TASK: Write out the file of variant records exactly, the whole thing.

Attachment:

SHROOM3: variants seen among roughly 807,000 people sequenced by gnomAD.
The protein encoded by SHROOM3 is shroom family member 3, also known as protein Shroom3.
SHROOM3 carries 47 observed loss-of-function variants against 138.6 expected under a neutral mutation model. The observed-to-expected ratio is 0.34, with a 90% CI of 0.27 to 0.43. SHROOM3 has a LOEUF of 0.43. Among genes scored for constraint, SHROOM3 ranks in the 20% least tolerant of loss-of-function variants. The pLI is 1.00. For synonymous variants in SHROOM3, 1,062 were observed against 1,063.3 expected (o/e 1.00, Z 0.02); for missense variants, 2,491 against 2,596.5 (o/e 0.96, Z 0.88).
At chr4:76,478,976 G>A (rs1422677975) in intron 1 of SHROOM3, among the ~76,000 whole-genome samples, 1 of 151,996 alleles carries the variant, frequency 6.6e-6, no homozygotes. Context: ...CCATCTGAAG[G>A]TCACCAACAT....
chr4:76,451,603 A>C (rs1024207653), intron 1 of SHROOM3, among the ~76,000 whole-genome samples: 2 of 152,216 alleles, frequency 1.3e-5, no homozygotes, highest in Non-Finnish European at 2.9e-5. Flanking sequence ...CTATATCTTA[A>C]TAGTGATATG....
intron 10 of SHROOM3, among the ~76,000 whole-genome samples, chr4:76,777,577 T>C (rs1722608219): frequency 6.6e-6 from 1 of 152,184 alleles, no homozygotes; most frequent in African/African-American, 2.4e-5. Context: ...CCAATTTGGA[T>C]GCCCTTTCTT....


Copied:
SHROOM3: variants seen among roughly 807,000 people sequenced by gnomAD.
The protein encoded by SHROOM3 is shroom family member 3, also known as protein Shroom3.
SHROOM3 carries 47 observed loss-of-function variants against 138.6 expected under a neutral mutation model. The observed-to-expected ratio is 0.34, with a 90% CI of 0.27 to 0.43. SHROOM3 has a LOEUF of 0.43. Among genes scored for constraint, SHROOM3 ranks in the 20% least tolerant of loss-of-function variants. The pLI is 1.00. For synonymous variants in SHROOM3, 1,062 were observed against 1,063.3 expected (o/e 1.00, Z 0.02); for missense variants, 2,491 against 2,596.5 (o/e 0.96, Z 0.88).
At chr4:76,478,976 G>A (rs1422677975) in intron 1 of SHROOM3, among the ~76,000 whole-genome samples, 1 of 151,996 alleles carries the variant, frequency 6.6e-6, no homozygotes. Context: ...CCATCTGAAG[G>A]TCACCAACAT....
chr4:76,451,603 A>C (rs1024207653), intron 1 of SHROOM3, among the ~76,000 whole-genome samples: 2 of 152,216 alleles, frequency 1.3e-5, no homozygotes, highest in Non-Finnish European at 2.9e-5. Flanking sequence ...CTATATCTTA[A>C]TAGTGATATG....
intron 10 of SHROOM3, among the ~76,000 whole-genome samples, chr4:76,777,577 T>C (rs1722608219): frequency 6.6e-6 from 1 of 152,184 alleles, no homozygotes; most frequent in African/African-American, 2.4e-5. Context: ...CCAATTTGGA[T>C]GCCCTTTCTT....